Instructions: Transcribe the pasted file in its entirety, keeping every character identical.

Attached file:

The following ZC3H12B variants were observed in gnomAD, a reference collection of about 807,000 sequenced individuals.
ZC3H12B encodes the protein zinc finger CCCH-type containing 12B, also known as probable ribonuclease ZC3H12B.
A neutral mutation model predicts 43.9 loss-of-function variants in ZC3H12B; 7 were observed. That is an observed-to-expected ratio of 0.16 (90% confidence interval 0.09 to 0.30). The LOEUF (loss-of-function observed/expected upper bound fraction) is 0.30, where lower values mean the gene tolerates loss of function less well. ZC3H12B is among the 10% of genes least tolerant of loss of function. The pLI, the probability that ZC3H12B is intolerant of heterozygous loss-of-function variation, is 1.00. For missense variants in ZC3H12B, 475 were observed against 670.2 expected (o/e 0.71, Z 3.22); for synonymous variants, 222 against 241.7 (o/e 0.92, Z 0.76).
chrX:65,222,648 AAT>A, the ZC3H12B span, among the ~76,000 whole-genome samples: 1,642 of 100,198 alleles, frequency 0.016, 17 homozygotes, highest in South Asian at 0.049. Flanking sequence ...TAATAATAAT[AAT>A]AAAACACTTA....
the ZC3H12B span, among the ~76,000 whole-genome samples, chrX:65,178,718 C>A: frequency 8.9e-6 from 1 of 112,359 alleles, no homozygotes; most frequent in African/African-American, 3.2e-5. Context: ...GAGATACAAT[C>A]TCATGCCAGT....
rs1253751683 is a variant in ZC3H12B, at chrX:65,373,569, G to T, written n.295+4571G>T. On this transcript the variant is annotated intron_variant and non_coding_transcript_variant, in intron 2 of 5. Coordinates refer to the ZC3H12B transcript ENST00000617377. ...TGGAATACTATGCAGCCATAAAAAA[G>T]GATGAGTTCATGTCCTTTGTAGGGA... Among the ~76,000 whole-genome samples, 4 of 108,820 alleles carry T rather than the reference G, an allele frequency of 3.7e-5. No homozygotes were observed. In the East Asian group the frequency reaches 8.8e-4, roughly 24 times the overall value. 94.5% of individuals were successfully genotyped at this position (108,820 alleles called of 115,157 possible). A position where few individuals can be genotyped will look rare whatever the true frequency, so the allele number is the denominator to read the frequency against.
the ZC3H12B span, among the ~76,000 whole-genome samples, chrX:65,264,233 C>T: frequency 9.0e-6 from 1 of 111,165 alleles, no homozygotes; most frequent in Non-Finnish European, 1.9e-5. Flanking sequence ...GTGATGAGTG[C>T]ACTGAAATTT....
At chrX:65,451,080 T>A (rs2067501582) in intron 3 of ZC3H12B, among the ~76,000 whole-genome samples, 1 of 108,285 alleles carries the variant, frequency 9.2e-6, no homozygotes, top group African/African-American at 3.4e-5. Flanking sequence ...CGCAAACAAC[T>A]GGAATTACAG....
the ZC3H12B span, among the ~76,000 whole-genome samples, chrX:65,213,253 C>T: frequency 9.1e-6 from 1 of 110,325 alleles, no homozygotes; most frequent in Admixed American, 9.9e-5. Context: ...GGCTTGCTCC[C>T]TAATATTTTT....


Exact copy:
The following ZC3H12B variants were observed in gnomAD, a reference collection of about 807,000 sequenced individuals.
ZC3H12B encodes the protein zinc finger CCCH-type containing 12B, also known as probable ribonuclease ZC3H12B.
A neutral mutation model predicts 43.9 loss-of-function variants in ZC3H12B; 7 were observed. That is an observed-to-expected ratio of 0.16 (90% confidence interval 0.09 to 0.30). The LOEUF (loss-of-function observed/expected upper bound fraction) is 0.30, where lower values mean the gene tolerates loss of function less well. ZC3H12B is among the 10% of genes least tolerant of loss of function. The pLI, the probability that ZC3H12B is intolerant of heterozygous loss-of-function variation, is 1.00. For missense variants in ZC3H12B, 475 were observed against 670.2 expected (o/e 0.71, Z 3.22); for synonymous variants, 222 against 241.7 (o/e 0.92, Z 0.76).
chrX:65,222,648 AAT>A, the ZC3H12B span, among the ~76,000 whole-genome samples: 1,642 of 100,198 alleles, frequency 0.016, 17 homozygotes, highest in South Asian at 0.049. Flanking sequence ...TAATAATAAT[AAT>A]AAAACACTTA....
the ZC3H12B span, among the ~76,000 whole-genome samples, chrX:65,178,718 C>A: frequency 8.9e-6 from 1 of 112,359 alleles, no homozygotes; most frequent in African/African-American, 3.2e-5. Context: ...GAGATACAAT[C>A]TCATGCCAGT....
rs1253751683 is a variant in ZC3H12B, at chrX:65,373,569, G to T, written n.295+4571G>T. On this transcript the variant is annotated intron_variant and non_coding_transcript_variant, in intron 2 of 5. Coordinates refer to the ZC3H12B transcript ENST00000617377. ...TGGAATACTATGCAGCCATAAAAAA[G>T]GATGAGTTCATGTCCTTTGTAGGGA... Among the ~76,000 whole-genome samples, 4 of 108,820 alleles carry T rather than the reference G, an allele frequency of 3.7e-5. No homozygotes were observed. In the East Asian group the frequency reaches 8.8e-4, roughly 24 times the overall value. 94.5% of individuals were successfully genotyped at this position (108,820 alleles called of 115,157 possible). A position where few individuals can be genotyped will look rare whatever the true frequency, so the allele number is the denominator to read the frequency against.
the ZC3H12B span, among the ~76,000 whole-genome samples, chrX:65,264,233 C>T: frequency 9.0e-6 from 1 of 111,165 alleles, no homozygotes; most frequent in Non-Finnish European, 1.9e-5. Flanking sequence ...GTGATGAGTG[C>T]ACTGAAATTT....
At chrX:65,451,080 T>A (rs2067501582) in intron 3 of ZC3H12B, among the ~76,000 whole-genome samples, 1 of 108,285 alleles carries the variant, frequency 9.2e-6, no homozygotes, top group African/African-American at 3.4e-5. Flanking sequence ...CGCAAACAAC[T>A]GGAATTACAG....
the ZC3H12B span, among the ~76,000 whole-genome samples, chrX:65,213,253 C>T: frequency 9.1e-6 from 1 of 110,325 alleles, no homozygotes; most frequent in Admixed American, 9.9e-5. Context: ...GGCTTGCTCC[C>T]TAATATTTTT....